The 100 Best Albums of the 1980s


Bruce Springsteen, Born in the U.S.A.

The ironic misinterpretation of Born in the U.S.A.’s title track has been well-documented, and persists as a rather inane flap as it pertains to the album’s real import: Bruce Springsteen’s transformative leap from bar muse to blue-collar rock god. Born in the U.S.A. is chock-full of working-class anthems that fueled that metamorphosis, from burners like “I’m on Fire” to the wistful “My Hometown,” where the Boss sings of old Buicks, racial tensions, and the sting of economic downturn. Rounded out by the mixture of sex, magnetism, and poetry in “Dancing in the Dark,” Born in the U.S.A. propelled Springsteen not only into a pop-radio staple in the ’80s, but cast him as the voice of the disillusioned American everyman. Liedel

The 100 Best Albums of the 1980s


Pixies, Doolittle

Doolittle is their manifesto for ’90s alt rock: dark, offbeat, slow-churning, humorously grim, and peppered with the kind of loud-soft dynamics that exemplify both the Pixies’ sound and the countless bands that followed in their wake. Arriving in 1989, Doolittle served as vanguard for modern rock both sonically and tonally, as evidenced by the descriptive, almost metaphysical nature of the band’s lyrics. When Black Francis screams, “God is seven!,” on “Monkey Gone to Heaven,” there’s little doubt about the gravity of the message—or where Billy Corgan found his inspiration. Liedel

The 100 Best Albums of the 1980s


Madonna, Madonna

Few would deny that Madonna went on to pursue deeper goals than the simple pop perfection of Madonna. But any debut album that yields a “Holiday” and a “Lucky Star,” both released as singles in the span of two consecutive days (albeit an ocean apart), is still pretty untouchable. Wistful and eager to please, Madonna’s sparkling ditties aren’t so much “post-disco” as they are “disco ain’t going nowhere, so shut up and dance.” Like a heavenly body atop the surging underground currents of every synth-heavy dance subgenre that preceded her, Madonna’s cultural co-opting is nothing if not fervent. Henderson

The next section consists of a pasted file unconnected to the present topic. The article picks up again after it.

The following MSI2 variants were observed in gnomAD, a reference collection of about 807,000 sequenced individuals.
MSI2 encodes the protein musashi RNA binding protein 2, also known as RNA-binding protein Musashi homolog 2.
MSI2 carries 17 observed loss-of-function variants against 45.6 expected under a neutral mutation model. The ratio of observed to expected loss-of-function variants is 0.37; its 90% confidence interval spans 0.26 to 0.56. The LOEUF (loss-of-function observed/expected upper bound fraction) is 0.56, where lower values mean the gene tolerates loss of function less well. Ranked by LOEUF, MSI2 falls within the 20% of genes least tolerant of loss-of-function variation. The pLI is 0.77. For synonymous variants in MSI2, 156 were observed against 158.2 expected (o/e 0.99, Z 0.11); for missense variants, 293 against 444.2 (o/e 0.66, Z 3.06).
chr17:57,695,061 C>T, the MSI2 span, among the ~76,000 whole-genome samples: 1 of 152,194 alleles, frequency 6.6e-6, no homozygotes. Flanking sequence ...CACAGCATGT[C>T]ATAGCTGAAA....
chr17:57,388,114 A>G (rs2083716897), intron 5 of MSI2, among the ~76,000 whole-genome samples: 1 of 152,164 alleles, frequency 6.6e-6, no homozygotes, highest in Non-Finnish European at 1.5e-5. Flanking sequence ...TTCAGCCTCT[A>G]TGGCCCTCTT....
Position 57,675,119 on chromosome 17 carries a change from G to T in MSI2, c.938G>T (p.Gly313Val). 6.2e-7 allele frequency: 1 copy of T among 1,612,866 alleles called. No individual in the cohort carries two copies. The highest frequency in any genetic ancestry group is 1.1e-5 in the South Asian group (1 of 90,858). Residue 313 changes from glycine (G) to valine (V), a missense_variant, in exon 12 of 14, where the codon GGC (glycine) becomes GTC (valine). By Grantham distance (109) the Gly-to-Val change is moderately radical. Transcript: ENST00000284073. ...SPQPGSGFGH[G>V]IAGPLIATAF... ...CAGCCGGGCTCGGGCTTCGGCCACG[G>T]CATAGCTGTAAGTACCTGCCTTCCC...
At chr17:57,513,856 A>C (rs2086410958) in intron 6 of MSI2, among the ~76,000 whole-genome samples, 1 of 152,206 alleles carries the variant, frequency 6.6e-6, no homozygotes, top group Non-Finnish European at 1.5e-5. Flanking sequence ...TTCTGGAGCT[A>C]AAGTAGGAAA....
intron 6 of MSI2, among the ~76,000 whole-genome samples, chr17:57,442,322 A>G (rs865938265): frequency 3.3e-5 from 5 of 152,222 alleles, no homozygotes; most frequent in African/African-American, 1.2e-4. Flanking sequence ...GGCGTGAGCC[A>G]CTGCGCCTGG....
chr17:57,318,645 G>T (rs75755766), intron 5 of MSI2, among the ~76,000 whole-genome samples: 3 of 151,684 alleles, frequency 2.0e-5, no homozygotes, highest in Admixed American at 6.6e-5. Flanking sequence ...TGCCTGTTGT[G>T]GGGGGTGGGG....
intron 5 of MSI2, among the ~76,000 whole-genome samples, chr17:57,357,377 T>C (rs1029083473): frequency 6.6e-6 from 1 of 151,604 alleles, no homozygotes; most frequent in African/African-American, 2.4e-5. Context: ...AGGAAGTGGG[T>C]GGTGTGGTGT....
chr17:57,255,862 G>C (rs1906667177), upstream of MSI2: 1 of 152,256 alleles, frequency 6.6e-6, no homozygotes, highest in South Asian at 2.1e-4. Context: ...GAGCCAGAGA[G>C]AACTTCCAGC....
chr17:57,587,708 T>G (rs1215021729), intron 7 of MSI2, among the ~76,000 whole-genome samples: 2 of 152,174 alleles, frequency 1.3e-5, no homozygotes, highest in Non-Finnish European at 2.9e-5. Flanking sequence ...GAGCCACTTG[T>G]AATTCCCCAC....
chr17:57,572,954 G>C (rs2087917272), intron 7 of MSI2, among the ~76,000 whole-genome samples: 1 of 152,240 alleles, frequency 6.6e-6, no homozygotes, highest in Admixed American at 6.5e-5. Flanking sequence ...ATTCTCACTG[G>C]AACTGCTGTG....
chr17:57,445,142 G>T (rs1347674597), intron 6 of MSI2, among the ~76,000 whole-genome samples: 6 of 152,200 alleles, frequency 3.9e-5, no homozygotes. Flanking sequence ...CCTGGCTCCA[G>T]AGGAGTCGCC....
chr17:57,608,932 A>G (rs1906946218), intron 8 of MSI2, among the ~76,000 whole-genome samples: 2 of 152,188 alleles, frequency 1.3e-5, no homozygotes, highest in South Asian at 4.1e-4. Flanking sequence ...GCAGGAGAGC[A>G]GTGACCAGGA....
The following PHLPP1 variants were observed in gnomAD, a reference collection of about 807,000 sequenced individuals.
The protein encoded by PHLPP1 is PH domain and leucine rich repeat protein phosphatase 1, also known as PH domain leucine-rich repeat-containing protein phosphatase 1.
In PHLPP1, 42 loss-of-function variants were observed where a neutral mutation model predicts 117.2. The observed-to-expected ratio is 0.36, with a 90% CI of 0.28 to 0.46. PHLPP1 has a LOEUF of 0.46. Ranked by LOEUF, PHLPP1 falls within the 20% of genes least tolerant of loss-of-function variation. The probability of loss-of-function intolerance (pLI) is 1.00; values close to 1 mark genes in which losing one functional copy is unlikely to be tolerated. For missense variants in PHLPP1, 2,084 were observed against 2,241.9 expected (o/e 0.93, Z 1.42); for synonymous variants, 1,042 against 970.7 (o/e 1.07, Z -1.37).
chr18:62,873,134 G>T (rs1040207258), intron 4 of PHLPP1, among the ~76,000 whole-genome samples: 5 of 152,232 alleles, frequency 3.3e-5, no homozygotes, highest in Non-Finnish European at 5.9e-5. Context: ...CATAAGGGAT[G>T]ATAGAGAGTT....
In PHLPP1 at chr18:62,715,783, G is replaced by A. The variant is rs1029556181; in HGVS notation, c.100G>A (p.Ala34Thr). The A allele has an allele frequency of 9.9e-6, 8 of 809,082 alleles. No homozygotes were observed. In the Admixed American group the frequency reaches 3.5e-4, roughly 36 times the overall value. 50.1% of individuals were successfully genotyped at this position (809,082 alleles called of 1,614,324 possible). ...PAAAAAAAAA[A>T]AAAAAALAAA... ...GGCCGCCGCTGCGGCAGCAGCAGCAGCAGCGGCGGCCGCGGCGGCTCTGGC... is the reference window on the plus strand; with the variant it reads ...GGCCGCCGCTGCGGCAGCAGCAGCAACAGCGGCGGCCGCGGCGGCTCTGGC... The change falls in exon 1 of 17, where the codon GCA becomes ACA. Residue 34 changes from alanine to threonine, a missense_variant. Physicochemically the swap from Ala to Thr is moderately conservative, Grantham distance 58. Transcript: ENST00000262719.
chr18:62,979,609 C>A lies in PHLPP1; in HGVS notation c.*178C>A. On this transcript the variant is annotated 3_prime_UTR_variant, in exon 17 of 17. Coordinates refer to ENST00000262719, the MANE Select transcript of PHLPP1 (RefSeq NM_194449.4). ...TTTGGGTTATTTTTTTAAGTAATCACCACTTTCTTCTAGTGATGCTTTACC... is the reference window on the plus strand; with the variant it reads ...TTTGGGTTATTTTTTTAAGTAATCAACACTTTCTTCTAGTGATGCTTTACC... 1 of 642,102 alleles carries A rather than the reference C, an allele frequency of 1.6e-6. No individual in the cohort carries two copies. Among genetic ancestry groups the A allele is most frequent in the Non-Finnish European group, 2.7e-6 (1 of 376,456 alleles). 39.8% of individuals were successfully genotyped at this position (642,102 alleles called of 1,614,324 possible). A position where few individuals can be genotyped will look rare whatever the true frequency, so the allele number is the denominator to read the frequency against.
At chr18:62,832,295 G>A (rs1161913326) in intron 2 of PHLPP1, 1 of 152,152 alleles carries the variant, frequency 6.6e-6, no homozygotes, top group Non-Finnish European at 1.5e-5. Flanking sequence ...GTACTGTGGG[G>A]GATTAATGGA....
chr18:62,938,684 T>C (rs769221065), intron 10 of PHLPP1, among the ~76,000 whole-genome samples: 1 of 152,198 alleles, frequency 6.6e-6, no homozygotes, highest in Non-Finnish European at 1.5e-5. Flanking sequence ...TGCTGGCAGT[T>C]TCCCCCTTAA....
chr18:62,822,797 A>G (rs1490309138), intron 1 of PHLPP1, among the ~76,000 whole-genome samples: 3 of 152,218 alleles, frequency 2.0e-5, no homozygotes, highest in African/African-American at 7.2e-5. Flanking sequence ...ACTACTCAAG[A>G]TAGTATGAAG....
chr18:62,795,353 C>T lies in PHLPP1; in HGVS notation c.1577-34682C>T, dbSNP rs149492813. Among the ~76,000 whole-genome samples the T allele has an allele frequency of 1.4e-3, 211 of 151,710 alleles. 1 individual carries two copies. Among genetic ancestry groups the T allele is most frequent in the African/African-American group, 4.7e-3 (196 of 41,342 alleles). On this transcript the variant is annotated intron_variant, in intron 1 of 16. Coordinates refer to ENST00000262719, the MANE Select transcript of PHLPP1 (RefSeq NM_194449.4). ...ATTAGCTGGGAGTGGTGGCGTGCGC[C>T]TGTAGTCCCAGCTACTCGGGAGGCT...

The 100 Best Albums of the 1980s


Eric B. & Rakim, Paid in Full

Many would argue that the late ’80s was the absolute pinnacle for hip-hop, and it’s difficult to argue against Paid in Full being a benchmark of the era. Rakim’s methodical and meticulous approach to his delivery provides a stark contrast to that of his contemporaries, while his mastery of internal rhymes underlines his status as a superbly technical wordsmith. For his part, Rakim didn’t need to rely on macho jargon and trite gangsterisms for his self-aggrandizing sermons; he would simply reel off line after line of spellbinding wordplay, influencing an entire decade of tongue-twisting MCs in the process. Jones

The 100 Best Albums of the 1980s


Janet Jackson, Control

The story goes that Papa Jackson warned producers Jimmy Jam and Terry Lewis, former members of the Time, not to make his daughter sound too much like Prince on her breakthrough album, Control. Not only did they fail, but they failed spectacularly. The keyboards and synth melodies on tracks like “What Have You Done for Me Lately” and “You Can Be Mine” are quintessential Minneapolis pop, but Jam and Lewis also previewed what would become their signature industrial beats and spliced-and-diced vocal treatments (which, it should be noted, is all the rage in indie pop today) on the title track. Janet would go on to release more “important” albums (namely Rhythm Nation and The Velvet Rope), but track for track, Control is still her strongest. Her albums would get longer as her waistline got slimmer, but Control boasts little padding. Cinquemani